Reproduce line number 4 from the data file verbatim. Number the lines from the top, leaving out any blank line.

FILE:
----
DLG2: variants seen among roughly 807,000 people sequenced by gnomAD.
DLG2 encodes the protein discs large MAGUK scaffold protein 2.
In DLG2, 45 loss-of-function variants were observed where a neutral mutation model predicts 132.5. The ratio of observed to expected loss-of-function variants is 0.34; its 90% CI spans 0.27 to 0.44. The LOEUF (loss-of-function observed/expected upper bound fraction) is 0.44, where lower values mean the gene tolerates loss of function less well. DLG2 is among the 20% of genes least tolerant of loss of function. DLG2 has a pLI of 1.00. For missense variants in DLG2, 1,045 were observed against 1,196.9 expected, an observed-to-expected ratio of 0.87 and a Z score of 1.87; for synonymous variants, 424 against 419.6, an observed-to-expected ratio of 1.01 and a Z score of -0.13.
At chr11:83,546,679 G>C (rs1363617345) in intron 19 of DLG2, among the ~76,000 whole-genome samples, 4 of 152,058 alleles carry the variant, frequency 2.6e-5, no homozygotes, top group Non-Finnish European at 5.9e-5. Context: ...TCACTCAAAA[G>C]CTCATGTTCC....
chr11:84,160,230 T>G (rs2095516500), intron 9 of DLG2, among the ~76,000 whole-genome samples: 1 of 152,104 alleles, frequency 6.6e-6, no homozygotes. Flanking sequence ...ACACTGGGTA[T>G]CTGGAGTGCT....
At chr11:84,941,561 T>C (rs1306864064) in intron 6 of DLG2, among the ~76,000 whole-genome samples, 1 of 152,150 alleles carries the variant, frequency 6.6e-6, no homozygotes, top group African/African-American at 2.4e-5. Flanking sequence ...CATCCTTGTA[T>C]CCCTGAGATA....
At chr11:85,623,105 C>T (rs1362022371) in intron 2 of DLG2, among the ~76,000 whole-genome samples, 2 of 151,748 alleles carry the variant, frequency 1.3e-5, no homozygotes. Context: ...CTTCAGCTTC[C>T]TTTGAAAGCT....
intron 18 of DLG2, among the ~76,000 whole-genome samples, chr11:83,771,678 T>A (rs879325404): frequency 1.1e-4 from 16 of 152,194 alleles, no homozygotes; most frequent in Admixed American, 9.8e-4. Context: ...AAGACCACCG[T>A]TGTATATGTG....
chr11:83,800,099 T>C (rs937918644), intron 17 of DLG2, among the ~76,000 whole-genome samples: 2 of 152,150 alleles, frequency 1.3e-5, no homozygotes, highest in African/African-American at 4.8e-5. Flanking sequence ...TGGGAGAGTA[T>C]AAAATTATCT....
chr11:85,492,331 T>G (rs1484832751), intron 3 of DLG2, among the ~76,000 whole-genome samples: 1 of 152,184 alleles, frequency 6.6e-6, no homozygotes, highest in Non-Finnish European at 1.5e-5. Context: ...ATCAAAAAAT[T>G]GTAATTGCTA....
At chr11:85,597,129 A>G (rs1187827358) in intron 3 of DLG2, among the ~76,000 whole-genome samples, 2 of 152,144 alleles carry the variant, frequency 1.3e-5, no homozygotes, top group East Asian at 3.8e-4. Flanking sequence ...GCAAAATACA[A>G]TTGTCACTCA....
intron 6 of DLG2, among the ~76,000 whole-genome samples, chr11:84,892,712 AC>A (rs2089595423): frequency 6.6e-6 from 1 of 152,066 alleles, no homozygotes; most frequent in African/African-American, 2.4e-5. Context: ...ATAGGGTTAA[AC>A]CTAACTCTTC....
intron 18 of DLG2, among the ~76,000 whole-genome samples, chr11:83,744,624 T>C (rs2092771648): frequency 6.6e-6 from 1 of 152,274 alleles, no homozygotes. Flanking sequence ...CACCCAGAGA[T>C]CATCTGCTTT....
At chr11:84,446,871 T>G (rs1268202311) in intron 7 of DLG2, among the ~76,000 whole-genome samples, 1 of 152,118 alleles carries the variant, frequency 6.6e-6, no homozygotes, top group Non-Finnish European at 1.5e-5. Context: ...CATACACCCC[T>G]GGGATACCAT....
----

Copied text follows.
At chr11:83,546,679 G>C (rs1363617345) in intron 19 of DLG2, among the ~76,000 whole-genome samples, 4 of 152,058 alleles carry the variant, frequency 2.6e-5, no homozygotes, top group Non-Finnish European at 5.9e-5. Context: ...TCACTCAAAA[G>C]CTCATGTTCC....